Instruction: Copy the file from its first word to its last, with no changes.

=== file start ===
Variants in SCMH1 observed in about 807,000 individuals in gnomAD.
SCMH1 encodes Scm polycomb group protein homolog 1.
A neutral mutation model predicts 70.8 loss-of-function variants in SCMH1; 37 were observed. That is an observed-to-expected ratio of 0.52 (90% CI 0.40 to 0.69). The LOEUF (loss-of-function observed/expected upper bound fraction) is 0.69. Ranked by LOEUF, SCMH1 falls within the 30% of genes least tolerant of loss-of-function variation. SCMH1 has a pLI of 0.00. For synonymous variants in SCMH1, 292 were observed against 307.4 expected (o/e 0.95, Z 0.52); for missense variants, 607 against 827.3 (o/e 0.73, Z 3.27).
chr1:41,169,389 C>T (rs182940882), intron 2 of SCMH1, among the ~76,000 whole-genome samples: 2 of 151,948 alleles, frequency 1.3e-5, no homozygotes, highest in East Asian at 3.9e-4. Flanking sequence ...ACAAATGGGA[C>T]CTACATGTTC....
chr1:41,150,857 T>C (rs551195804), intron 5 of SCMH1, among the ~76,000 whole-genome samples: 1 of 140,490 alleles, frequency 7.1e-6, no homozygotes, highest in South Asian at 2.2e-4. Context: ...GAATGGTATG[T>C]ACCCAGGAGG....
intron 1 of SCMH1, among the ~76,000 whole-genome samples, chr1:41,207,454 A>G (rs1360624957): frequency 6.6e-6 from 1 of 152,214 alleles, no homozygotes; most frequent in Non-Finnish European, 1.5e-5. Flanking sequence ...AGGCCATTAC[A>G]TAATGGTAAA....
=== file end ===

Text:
Variants in SCMH1 observed in about 807,000 individuals in gnomAD.
SCMH1 encodes Scm polycomb group protein homolog 1.
A neutral mutation model predicts 70.8 loss-of-function variants in SCMH1; 37 were observed. That is an observed-to-expected ratio of 0.52 (90% CI 0.40 to 0.69). The LOEUF (loss-of-function observed/expected upper bound fraction) is 0.69. Ranked by LOEUF, SCMH1 falls within the 30% of genes least tolerant of loss-of-function variation. SCMH1 has a pLI of 0.00. For synonymous variants in SCMH1, 292 were observed against 307.4 expected (o/e 0.95, Z 0.52); for missense variants, 607 against 827.3 (o/e 0.73, Z 3.27).
chr1:41,169,389 C>T (rs182940882), intron 2 of SCMH1, among the ~76,000 whole-genome samples: 2 of 151,948 alleles, frequency 1.3e-5, no homozygotes, highest in East Asian at 3.9e-4. Flanking sequence ...ACAAATGGGA[C>T]CTACATGTTC....
chr1:41,150,857 T>C (rs551195804), intron 5 of SCMH1, among the ~76,000 whole-genome samples: 1 of 140,490 alleles, frequency 7.1e-6, no homozygotes, highest in South Asian at 2.2e-4. Context: ...GAATGGTATG[T>C]ACCCAGGAGG....
intron 1 of SCMH1, among the ~76,000 whole-genome samples, chr1:41,207,454 A>G (rs1360624957): frequency 6.6e-6 from 1 of 152,214 alleles, no homozygotes; most frequent in Non-Finnish European, 1.5e-5. Flanking sequence ...AGGCCATTAC[A>G]TAATGGTAAA....